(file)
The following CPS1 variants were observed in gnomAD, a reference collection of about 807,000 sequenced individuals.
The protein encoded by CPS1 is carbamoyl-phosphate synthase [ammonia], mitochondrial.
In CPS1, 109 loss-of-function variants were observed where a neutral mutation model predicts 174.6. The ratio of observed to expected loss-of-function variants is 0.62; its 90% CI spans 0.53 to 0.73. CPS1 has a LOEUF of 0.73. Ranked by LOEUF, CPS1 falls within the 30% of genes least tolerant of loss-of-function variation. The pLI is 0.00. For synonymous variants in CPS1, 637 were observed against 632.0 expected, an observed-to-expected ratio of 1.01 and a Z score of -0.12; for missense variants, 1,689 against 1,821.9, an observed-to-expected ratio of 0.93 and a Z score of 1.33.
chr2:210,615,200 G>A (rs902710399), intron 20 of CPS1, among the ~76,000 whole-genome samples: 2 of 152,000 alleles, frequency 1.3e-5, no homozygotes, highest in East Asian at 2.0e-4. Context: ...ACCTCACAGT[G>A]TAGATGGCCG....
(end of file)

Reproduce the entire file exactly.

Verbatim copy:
The following CPS1 variants were observed in gnomAD, a reference collection of about 807,000 sequenced individuals.
The protein encoded by CPS1 is carbamoyl-phosphate synthase [ammonia], mitochondrial.
In CPS1, 109 loss-of-function variants were observed where a neutral mutation model predicts 174.6. The ratio of observed to expected loss-of-function variants is 0.62; its 90% CI spans 0.53 to 0.73. CPS1 has a LOEUF of 0.73. Ranked by LOEUF, CPS1 falls within the 30% of genes least tolerant of loss-of-function variation. The pLI is 0.00. For synonymous variants in CPS1, 637 were observed against 632.0 expected, an observed-to-expected ratio of 1.01 and a Z score of -0.12; for missense variants, 1,689 against 1,821.9, an observed-to-expected ratio of 0.93 and a Z score of 1.33.
chr2:210,615,200 G>A (rs902710399), intron 20 of CPS1, among the ~76,000 whole-genome samples: 2 of 152,000 alleles, frequency 1.3e-5, no homozygotes, highest in East Asian at 2.0e-4. Context: ...ACCTCACAGT[G>A]TAGATGGCCG....